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Monday August 18, 2014 MYT 12:00:00 AM
Monday August 18, 2014 MYT 8:06:34 AM
by revathi murugappan
Theatre stalwart Joe Hasham brings a daring edge to a dance interpretation of A Streetcar Named Desire.
PLAYWRIGHT Tennessee Williams’ masterpiece, A Streetcar Named Desire, has been made into a movie and staged countless times as a musical, a ballet, an opera and a stage play but audiences never tire of watching it.
For the first time, the Pulitzer Prize-winning play was staged as a dance drama (Aug 7-9) in Kuala Lumpur by The Actors Studio Seni Rakyat and presented by JT International Berhad, in collaboration with the Kuala Lumpur Performing Arts Centre (KLPac).
Directed by Joe Hasham, it was an audacious experiment of having Blanche DuBois dance en pointe while the rest of the dancers used contemporary dance as their genre.
Surprisingly, the clash between classical ballet and contemporary dance worked pretty well to create a dramatic effect.
The play tells the story of fading southern belle schoolteacher Blanche who leaves her troubled past behind.
She carts her huge suitcase and moves into her sister Stella’s cramped New Orleans apartment.
Stella’s brutish husband Stanley senses that Blanche is hiding something, and is further annoyed that his poker buddy Mitch is attracted to her. He sets out to make her life miserable.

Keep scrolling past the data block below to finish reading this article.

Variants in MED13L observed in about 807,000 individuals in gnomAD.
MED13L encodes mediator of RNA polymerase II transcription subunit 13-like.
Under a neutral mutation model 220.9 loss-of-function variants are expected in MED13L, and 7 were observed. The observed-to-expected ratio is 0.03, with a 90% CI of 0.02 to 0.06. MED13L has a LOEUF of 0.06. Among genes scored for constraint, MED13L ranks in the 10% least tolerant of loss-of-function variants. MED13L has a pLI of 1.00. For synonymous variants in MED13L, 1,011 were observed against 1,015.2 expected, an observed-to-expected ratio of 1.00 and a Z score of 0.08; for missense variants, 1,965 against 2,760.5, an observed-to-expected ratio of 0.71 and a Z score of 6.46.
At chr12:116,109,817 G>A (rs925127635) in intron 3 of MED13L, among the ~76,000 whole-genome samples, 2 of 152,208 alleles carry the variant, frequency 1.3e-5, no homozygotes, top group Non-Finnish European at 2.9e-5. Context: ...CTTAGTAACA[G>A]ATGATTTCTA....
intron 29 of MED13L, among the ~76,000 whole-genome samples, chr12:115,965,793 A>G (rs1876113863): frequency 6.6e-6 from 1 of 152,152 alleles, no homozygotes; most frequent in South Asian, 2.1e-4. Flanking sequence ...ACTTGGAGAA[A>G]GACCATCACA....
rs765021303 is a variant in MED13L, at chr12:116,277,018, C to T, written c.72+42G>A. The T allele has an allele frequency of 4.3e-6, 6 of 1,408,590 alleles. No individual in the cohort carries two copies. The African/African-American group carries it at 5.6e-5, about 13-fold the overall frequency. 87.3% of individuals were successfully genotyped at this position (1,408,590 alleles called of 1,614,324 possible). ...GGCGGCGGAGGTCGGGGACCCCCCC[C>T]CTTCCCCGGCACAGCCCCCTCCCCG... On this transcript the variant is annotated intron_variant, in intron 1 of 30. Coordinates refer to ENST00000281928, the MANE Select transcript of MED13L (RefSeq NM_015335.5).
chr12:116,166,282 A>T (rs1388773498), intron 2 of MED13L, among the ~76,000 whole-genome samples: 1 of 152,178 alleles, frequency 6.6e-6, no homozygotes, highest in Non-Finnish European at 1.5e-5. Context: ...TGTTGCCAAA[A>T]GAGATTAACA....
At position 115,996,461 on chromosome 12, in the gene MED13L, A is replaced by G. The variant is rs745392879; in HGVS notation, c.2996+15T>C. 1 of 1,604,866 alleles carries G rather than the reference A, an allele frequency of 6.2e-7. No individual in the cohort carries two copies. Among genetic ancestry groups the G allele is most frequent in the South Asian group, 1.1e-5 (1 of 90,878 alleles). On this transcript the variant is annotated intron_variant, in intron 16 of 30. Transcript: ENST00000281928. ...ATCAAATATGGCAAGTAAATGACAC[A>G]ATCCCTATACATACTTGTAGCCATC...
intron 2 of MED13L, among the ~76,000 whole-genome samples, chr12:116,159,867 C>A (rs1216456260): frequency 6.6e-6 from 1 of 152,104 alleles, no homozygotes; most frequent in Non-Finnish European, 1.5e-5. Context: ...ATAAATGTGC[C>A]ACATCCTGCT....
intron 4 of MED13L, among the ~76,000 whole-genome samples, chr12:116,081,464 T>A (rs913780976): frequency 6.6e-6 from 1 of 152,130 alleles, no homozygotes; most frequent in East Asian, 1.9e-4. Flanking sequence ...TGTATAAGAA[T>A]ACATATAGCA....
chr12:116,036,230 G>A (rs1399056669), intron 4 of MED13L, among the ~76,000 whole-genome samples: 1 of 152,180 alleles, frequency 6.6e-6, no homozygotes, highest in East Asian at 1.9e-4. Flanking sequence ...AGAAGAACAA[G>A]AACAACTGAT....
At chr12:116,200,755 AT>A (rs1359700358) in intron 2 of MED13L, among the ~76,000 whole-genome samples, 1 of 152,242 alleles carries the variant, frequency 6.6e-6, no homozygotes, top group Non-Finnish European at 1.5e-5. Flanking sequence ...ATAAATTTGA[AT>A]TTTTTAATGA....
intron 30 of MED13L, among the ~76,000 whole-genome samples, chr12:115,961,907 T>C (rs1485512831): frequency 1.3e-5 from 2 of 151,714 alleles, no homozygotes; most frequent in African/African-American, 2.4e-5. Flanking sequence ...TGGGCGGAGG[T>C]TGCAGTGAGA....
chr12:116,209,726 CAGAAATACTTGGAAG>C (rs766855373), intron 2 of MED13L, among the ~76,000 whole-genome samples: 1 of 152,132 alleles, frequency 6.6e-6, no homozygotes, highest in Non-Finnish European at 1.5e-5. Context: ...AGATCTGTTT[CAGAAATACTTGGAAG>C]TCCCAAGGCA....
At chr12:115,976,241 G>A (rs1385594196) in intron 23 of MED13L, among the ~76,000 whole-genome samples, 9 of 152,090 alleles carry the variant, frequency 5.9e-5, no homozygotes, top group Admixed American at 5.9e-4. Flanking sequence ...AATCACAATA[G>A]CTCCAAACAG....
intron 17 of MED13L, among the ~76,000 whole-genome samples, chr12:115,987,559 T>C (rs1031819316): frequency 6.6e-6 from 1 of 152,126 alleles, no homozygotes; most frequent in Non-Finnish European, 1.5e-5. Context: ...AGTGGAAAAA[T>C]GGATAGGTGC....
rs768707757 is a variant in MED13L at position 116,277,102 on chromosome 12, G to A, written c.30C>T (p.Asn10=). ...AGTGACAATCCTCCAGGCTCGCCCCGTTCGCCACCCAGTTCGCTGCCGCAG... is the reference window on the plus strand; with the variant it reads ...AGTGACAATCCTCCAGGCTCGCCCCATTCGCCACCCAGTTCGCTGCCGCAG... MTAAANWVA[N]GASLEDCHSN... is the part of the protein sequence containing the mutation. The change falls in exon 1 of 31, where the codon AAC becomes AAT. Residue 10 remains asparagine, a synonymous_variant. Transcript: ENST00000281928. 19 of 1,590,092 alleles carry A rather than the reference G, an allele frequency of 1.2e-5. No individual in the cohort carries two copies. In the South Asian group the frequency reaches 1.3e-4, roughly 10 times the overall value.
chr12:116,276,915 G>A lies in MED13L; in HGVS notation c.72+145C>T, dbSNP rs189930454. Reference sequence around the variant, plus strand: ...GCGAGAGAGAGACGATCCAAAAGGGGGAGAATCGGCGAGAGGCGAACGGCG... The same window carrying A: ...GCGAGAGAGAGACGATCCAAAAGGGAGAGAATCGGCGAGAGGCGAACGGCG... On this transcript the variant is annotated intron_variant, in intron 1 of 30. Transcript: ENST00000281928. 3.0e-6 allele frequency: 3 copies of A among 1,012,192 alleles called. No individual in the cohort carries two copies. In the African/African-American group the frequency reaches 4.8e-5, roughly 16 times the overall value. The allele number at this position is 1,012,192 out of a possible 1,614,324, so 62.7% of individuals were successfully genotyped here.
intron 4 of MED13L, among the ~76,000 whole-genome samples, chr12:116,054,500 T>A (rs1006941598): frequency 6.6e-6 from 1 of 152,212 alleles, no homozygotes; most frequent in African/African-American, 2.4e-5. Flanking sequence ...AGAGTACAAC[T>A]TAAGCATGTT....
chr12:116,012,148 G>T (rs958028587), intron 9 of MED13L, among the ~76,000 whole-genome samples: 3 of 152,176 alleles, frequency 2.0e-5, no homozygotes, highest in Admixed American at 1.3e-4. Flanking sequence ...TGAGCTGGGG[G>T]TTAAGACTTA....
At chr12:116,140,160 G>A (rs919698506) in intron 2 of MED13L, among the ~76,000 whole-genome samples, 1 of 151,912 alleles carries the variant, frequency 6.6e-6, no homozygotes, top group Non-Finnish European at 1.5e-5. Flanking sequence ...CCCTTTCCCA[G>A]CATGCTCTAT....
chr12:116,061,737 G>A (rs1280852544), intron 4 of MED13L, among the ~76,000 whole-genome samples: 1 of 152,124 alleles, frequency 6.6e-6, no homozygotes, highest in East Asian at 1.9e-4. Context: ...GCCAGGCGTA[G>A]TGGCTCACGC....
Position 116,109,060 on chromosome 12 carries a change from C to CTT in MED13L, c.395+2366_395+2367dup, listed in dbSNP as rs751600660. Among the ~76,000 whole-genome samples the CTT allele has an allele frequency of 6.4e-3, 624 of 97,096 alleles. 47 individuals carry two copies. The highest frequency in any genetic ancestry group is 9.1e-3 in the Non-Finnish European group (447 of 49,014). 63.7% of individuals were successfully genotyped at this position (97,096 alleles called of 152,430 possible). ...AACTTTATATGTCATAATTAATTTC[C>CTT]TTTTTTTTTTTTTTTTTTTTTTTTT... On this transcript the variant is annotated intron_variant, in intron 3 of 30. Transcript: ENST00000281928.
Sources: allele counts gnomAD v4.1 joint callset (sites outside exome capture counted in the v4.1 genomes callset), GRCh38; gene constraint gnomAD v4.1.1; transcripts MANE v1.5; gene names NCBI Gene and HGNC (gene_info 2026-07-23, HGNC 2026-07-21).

The confrontation between the two increases in severity until one of the two must be destroyed.
The recent dance drama at KLPac was a totally different take from the theatre version directed by Hasham in 1993 in Kuala Lumpur, which had a passionate onstage kiss shared by actress Ramona Rahman and Andrew Leci, who played Blanche and Stanley.
Back then, the authorities censored certain scenes of that show series.
In this recent performance, Hasham constructed his dance drama using scenes of joy, tragic conflict, lust, passion and seduction.
A highly dramatic soundtrack, composed by music director Bernard Goh (Hands Percussion) and Deborah Tee, backdropped the sensual scenes on stage.
This was his second attempt at staging a full-length dance drama after Passion in 2008.
The dance opened with a delicate Blanche dancing solo (portrayed by Japanese ballerina Misako Kato) under the moonlight to a beautiful piano ballad. This was a scene that reflected a touch of nostalgia and mystery.
We knew Blanche had a dark past but it was well concealed with her fluttering around the stage.
It closed with her again dancing under the light but without a soul.
Misako’s grace (as Blanche) combined with an anguished expression was a delight to the eyes.
As the show progressed we saw Blanche’s joyful reunion with Stella (danced by fellow Japanese dancer/actress Maiya Goshima) and a beautiful pas de deux (French for “step of two”) by Stella and Stanley (Jack Kek).
Add a nice little solo by Mitch (Steve Goh), who used a prop (Blanche’s suitcase).
Hasham has to be credited in the many different ways he portrayed the adult-centred scenes.
Kek rose to the challenge with his testosterone raging scenes, while the attraction between Stanley and Blanche was palpable.
However, Goh was merely a shadow when he tried to seduce Misako. The chemistry here was slightly lacking.
Still Hasham adhered to the original storyline (almost) faithfully except that Stella’s pregnancy and delivery were totally omitted.
This full-length dance version of A Streetcar Named Desire, with choreography by Lex Lakshmanan, was stirring enough to make an impression.
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